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Meet the ‘Oldest Family Living Continuously in Lyon County’

Ruby McFarland
Dayton Historical Society

There has been so much written about the Walmsley family of Dayton. I don’t know what I could write that might add anything more.

One tidbit is about Raymond Walmsley. He had pneumonia when he was about 2 years old – poor little fellow. I’m quoting from the diary of Emma Nevada Barton Loftus, in which she frequently wrote about the Walmsley family.

The Walmsleys were in Dayton long before Emma arrived. Ray’s great- grandfather arrived here in 1859. One of his grandmothers came from Canada in 1863, and lived in Como, a mining town south of Dayton in the Pine Nut Range. Hawkins was the family name.

Andrew Walmsley, Ray’s grandfather, was in the wood business. Zenas Walmsley, Ray’s father, ran a dairy in Dayton. Ray had to hurry home from school to herd the cows home and help milk and feed them.

Besides selling milk, Lela Walmsley, Ray’s mother, made butter, cottage cheese, buttermilk and a cheese similar to jack. The products were also sold as part of the dairy business.

Zenas became justice of the peace of the Dayton Township when Emma’s husband, Jack Loftus, could no longer continue that post. I believe it was in 1931.

Lela and Emma were friends and visited and supported one another. Zenas worked with Chester Barton in conjunction with law enforcement. Chester was the constable of the Dayton area.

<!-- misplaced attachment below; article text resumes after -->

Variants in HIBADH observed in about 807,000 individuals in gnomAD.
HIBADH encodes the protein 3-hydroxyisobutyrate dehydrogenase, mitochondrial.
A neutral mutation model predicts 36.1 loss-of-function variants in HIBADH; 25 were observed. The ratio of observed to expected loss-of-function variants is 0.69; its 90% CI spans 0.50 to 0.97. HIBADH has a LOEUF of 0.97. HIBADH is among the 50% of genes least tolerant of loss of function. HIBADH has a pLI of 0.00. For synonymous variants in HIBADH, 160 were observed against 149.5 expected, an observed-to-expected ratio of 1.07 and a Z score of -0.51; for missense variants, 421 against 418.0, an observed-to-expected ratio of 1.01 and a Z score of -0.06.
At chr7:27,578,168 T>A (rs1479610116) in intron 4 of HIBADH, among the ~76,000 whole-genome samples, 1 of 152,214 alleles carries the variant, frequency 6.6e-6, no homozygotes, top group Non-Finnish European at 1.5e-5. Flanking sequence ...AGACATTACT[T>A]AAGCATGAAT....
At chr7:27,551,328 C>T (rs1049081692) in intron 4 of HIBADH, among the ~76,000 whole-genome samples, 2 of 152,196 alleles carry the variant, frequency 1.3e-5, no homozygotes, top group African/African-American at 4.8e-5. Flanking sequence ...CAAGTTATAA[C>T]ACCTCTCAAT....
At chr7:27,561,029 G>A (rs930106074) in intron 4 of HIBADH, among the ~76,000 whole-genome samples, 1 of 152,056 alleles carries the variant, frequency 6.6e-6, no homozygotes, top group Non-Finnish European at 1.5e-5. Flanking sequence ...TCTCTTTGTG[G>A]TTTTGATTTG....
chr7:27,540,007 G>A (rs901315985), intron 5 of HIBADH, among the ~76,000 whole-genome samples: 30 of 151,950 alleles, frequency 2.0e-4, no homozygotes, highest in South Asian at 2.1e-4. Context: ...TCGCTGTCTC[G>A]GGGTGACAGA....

Chester gave everyone a nickname. Ray’s was “Jarbs,” but he has no idea why.

Ray is a cornucopia of Dayton history. He and his wife, May, have been married since June 5, 1947. They were married by another Dayton native son, Clark Guild, in Carson City.

Ray is of the opinion that history can be taken with a grain of salt, noting it’s hard to know where the line is drawn for the truth. I know from my own family that family history can be distorted, so do plenty of research if you have doubts.

Read Ray Walmsley’s family history, “Oldest Family Living Continuously in Lyon County” in the 1988 edition of Lyon County Reflections, available at the Dayton Valley Library, Dayton history section.

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The Dayton Museum is on Shady Lane and Logan Street in Old Town Dayton. It’s also the location of the Dayton Chamber office. It is open during the week at random hours and 10 a.m.-4 p.m. Saturdays and 1-4 p.m. Sundays. Check out daytonnvhistory.org. Group tours are available. Call 246-5543, 246-0462 or 246-0441. The Dayton Historical Society meets at noon on the third Wednesday of the month at the Dayton Valley Community Center. Visitors welcome.

• Ruby McFarland is a 17-year resident of Dayton, a board member of the Dayton Historical Society and a docent at the museum.